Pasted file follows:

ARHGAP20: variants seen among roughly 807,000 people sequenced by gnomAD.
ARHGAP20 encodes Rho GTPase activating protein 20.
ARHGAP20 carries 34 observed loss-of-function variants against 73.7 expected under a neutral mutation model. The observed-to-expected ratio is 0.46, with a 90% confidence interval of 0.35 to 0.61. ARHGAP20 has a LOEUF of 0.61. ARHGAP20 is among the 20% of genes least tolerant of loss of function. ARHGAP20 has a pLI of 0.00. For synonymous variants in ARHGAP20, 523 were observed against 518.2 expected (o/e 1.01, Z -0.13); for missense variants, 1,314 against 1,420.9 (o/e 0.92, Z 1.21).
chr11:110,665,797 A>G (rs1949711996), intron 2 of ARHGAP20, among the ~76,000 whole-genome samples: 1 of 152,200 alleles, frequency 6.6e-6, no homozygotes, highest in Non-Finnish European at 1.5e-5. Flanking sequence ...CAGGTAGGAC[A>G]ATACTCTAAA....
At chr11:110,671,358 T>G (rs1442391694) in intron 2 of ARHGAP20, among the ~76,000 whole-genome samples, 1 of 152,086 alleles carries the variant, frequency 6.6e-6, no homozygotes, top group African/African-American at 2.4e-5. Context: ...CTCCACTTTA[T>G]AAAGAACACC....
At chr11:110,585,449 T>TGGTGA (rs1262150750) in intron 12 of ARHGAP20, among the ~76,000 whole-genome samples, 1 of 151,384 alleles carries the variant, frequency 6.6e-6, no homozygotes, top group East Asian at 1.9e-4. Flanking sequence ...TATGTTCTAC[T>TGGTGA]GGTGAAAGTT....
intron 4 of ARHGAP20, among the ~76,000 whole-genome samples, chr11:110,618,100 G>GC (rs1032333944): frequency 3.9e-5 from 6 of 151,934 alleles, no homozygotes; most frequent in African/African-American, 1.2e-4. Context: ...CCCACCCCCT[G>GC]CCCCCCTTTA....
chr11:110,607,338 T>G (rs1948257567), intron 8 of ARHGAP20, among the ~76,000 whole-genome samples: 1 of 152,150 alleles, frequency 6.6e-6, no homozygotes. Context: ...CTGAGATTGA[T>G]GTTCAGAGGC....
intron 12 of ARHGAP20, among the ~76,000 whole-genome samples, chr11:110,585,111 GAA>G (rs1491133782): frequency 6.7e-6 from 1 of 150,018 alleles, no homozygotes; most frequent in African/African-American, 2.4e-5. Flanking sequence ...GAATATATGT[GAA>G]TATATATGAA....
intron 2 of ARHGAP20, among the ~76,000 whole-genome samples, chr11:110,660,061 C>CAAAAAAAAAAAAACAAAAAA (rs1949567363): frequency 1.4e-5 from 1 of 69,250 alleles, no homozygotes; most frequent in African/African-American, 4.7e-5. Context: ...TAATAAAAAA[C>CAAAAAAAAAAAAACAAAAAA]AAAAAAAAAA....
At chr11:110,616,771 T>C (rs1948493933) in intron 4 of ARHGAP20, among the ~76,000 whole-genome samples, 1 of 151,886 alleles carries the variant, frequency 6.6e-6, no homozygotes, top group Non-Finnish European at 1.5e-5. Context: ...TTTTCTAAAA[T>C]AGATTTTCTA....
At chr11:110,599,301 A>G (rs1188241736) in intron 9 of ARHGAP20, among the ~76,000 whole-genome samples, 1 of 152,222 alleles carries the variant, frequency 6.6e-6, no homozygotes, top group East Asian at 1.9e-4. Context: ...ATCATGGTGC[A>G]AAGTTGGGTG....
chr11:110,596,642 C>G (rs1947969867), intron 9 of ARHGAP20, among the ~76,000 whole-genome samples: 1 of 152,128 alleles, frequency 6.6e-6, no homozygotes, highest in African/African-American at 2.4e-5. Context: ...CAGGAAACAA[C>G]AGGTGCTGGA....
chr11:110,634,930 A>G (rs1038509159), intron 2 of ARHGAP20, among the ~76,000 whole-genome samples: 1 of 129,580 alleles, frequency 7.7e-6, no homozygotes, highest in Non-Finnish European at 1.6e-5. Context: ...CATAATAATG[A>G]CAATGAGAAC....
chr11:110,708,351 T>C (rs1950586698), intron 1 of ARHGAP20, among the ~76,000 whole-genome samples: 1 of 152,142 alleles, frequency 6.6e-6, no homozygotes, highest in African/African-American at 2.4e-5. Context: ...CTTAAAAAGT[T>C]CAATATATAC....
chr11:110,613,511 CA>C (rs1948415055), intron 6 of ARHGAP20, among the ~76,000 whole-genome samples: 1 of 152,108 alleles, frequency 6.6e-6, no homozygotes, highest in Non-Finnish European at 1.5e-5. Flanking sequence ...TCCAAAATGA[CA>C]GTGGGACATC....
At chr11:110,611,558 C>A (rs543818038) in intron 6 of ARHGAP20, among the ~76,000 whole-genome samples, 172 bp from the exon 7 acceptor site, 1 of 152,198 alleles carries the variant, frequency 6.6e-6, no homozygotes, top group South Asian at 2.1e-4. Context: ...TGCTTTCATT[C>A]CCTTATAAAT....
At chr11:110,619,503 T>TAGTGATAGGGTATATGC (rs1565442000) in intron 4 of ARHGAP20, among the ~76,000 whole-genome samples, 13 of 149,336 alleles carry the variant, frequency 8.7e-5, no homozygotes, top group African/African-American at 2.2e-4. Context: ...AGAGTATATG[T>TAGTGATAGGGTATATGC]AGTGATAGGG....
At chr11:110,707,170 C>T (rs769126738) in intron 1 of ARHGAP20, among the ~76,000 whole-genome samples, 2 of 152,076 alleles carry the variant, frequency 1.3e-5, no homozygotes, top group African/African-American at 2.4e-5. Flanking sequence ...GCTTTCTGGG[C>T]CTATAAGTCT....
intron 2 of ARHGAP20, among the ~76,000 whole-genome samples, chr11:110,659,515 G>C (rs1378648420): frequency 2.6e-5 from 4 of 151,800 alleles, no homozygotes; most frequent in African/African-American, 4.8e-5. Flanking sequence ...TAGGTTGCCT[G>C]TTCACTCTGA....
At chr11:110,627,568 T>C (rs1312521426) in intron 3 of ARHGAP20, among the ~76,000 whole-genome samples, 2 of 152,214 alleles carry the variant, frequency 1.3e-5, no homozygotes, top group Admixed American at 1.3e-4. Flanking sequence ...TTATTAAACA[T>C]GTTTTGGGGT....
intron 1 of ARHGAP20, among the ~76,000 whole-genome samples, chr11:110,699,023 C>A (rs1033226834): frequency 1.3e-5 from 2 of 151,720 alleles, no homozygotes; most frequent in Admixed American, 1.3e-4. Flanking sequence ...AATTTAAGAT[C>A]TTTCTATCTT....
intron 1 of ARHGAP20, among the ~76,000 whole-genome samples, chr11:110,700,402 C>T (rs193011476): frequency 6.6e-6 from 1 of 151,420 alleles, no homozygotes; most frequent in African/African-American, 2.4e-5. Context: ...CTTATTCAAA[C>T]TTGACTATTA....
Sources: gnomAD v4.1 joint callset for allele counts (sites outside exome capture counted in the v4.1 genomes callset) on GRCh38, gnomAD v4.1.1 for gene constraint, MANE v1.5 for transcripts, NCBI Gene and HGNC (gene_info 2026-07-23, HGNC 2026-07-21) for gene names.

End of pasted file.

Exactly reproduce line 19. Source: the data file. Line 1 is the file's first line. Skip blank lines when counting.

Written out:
At chr11:110,707,170 C>T (rs769126738) in intron 1 of ARHGAP20, among the ~76,000 whole-genome samples, 2 of 152,076 alleles carry the variant, frequency 1.3e-5, no homozygotes, top group African/African-American at 2.4e-5. Flanking sequence ...GCTTTCTGGG[C>T]CTATAAGTCT....